“We've become the Chamber of Commerce for The Villages,” Gretchen said. “We've talked about The Villages so much, and after Meredith had his surgery, we found out our neighbors had been gone. They told us they had come to The Villages, rented for a month and had a wonderful time.”

The Smiths are looking forward to getting together at an open house with some Villages neighbors on their block on Saturday, and Gretchen is anticipating a luncheon today with some Villages friends, who like her, were former flight attendants. The luncheon will include a fashion show of airline uniforms from over the years.

They also are pleased that they can now publicly talk about their time on “The Amazing Race.”

“We were always on the run,” Meredith said, adding they had to get by on little sleep and little food. “We would be in places where we didn't understand the currency, couldn't read the street signs or couldn't find a restroom. It was like that throughout, and that's one of the things we are kind of envious over the last ‘Amazing Race' (family edition) because most of it was in English-speaking countries.”

The Smiths didn't have it so easy.

Many viewers were puzzled seeing Gretchen climbing the wall in Turkey, rather than Meredith, and couldn't understand why he wasn't making the climb.

“We each had to do six roadblocks and he had already done five, and I had only done three,” Gretchen said, adding she needed to do the challenge but viewers were not aware of that.

“We got one e-mail that came to me saying, ‘Meredith, you're such a wuss. You sent your old lady up the wall and you should have done it. It's no wonder your father named you after a girl.' ”

Gretchen also heard about it from viewers when Meredith was pushing her on a 600-pound wooden elephant and he was seen huffing, puffing and out of breath. Even Meredith's doctor quipped: “The 600-pound elephant wasn't the problem, it was the 150 pounds riding it.”

The Smiths admit they were relieved when the race was over.

“During the race, we were so tired all of the time, but the fallout after the race was over was wonderful,” Meredith said. “We have traveled and have met people all over the world virtually, and we were approached in Tibet by a couple who lived there and knew who we were, so it really was amazing.”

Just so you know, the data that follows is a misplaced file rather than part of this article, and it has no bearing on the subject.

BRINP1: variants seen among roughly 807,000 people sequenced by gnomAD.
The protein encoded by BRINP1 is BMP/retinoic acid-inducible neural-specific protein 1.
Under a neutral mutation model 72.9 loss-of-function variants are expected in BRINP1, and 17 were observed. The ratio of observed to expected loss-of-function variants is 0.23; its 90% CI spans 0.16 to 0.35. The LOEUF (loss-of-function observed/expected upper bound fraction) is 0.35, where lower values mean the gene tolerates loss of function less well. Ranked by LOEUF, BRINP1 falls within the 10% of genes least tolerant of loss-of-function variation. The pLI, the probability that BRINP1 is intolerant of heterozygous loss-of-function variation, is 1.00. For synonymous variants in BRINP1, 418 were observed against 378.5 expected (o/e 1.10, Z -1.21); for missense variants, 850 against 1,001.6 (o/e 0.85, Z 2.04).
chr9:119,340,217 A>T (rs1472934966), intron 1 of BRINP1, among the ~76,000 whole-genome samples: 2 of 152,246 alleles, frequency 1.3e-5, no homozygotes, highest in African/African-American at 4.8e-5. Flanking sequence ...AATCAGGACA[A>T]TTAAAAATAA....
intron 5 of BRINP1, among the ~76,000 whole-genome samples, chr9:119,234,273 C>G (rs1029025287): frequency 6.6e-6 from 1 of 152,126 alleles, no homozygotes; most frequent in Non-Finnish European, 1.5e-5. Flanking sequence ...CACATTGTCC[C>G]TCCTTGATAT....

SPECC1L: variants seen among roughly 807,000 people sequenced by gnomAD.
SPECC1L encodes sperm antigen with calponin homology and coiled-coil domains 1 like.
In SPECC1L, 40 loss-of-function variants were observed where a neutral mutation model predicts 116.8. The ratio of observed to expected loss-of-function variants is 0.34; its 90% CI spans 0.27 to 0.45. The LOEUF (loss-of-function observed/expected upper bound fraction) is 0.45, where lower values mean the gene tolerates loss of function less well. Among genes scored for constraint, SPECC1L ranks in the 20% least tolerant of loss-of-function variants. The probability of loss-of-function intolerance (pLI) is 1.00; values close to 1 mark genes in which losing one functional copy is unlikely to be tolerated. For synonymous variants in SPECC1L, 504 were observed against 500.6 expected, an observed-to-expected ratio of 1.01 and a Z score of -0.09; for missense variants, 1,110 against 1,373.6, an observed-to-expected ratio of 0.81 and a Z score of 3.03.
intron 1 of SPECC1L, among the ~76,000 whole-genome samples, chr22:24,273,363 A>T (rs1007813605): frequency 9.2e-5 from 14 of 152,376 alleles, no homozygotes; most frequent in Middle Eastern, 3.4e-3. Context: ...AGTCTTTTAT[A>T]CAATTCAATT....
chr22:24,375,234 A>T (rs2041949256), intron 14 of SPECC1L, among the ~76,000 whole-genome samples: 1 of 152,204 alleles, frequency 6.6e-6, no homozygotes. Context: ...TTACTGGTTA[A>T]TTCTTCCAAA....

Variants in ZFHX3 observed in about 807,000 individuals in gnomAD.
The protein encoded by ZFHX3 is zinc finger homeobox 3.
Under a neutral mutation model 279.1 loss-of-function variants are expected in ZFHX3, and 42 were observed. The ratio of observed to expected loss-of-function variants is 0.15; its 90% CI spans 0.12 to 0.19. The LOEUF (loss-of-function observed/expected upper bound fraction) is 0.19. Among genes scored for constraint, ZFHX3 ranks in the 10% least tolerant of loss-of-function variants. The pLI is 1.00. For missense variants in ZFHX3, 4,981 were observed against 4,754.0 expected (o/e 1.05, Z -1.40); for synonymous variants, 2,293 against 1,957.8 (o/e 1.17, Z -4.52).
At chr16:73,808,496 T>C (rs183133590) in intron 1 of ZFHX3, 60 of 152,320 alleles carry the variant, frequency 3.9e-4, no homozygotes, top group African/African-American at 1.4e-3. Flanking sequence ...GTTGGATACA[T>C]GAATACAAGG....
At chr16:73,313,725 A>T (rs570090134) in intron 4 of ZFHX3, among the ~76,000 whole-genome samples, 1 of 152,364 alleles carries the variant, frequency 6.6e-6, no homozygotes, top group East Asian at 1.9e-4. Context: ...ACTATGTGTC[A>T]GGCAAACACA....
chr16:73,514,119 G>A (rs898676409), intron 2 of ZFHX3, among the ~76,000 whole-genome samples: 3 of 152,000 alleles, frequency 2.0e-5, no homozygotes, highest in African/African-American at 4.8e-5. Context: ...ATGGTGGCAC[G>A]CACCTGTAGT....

They enjoyed doing five big speaking engagements to large convention groups, and they also loved receiving mail from fans.

“We've received cards and letters from as far as Australia from people, saying how inspired they were with us,” Gretchen said. “We received cards from young people, too. Every day was like Christmas, we'd open the mail and there would be something wonderful.”

Meredith agreed.

“We had a lot of fans who were contemplating getting married or who had just gotten married, and some of the substance of the questions we were asked was, ‘You've got a great relationship. How do you do it?' We were more role models for the people coming up and for the people that had already been there and done that, so that was lot of fun,” he said.

The couple's loving relationship was reflected throughout the show.

“We were a team,” Meredith said. “We agreed before we left the country that no matter how far we got and no matter whose fault it was, it would never carry on with us in our lives. If one of us fouled up, it wasn't going to be a blame game.”

Gretchen said Meredith kept her focused.

“We treated each other with respect because we did respect each other. We were in it together. It was hard enough just to battle the elements without battling each other, and that's what most people (viewers) really respected in us,” she said.

Now that a new season of “The Amazing Race” begins Tuesday, the Smiths will watch the show. They also plan to take time to watch a DVD from the seventh season when they were in the race - the season that garnered CBS an Emmy Award last fall.

“The producers said that it was the best one that has been ever been made,” Meredith said, adding CBS won the Emmy based on one segment, the show when Gretchen had fallen in a dark cave and injured herself.

“They (academy judges) must have liked the blood and gore,” Gretchen said, grinning.


Offline puddin

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Re: Past Racers
« Reply #3 on: February 26, 2006, 01:49:22 AM »
Phil comment on the Weavers  :lol:

The Insider: Phil Keoghan

Sunday, February 26, 2006

Character: The dashing, compassionate host of “The Amazing Race 9” (premiering Tuesday at 9 p.m. on WBZ, Ch. 4).
    Age: 38
    Hometown: New Zealand.